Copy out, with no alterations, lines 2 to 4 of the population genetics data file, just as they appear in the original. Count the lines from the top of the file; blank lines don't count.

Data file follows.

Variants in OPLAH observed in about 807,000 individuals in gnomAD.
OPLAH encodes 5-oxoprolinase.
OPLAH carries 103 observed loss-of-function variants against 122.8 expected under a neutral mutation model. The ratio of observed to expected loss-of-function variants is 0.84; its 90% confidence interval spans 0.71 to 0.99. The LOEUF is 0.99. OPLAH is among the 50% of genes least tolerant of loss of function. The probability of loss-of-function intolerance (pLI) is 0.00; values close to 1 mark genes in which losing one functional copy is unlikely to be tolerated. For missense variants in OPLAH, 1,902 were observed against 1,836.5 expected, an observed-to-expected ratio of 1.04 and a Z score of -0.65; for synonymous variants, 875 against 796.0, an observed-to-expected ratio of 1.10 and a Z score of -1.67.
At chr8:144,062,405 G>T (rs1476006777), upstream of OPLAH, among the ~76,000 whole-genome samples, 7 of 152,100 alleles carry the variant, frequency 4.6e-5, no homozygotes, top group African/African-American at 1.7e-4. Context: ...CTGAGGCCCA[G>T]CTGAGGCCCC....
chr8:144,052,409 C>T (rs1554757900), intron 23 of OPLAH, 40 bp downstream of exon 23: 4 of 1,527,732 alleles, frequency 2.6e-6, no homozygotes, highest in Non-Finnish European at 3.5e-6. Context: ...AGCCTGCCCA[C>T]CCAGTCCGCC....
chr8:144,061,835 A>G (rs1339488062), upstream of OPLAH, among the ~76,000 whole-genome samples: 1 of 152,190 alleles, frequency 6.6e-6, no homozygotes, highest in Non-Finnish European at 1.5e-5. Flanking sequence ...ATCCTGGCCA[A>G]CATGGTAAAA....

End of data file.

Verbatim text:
OPLAH encodes 5-oxoprolinase.
OPLAH carries 103 observed loss-of-function variants against 122.8 expected under a neutral mutation model. The ratio of observed to expected loss-of-function variants is 0.84; its 90% confidence interval spans 0.71 to 0.99. The LOEUF is 0.99. OPLAH is among the 50% of genes least tolerant of loss of function. The probability of loss-of-function intolerance (pLI) is 0.00; values close to 1 mark genes in which losing one functional copy is unlikely to be tolerated. For missense variants in OPLAH, 1,902 were observed against 1,836.5 expected, an observed-to-expected ratio of 1.04 and a Z score of -0.65; for synonymous variants, 875 against 796.0, an observed-to-expected ratio of 1.10 and a Z score of -1.67.
At chr8:144,062,405 G>T (rs1476006777), upstream of OPLAH, among the ~76,000 whole-genome samples, 7 of 152,100 alleles carry the variant, frequency 4.6e-5, no homozygotes, top group African/African-American at 1.7e-4. Context: ...CTGAGGCCCA[G>T]CTGAGGCCCC....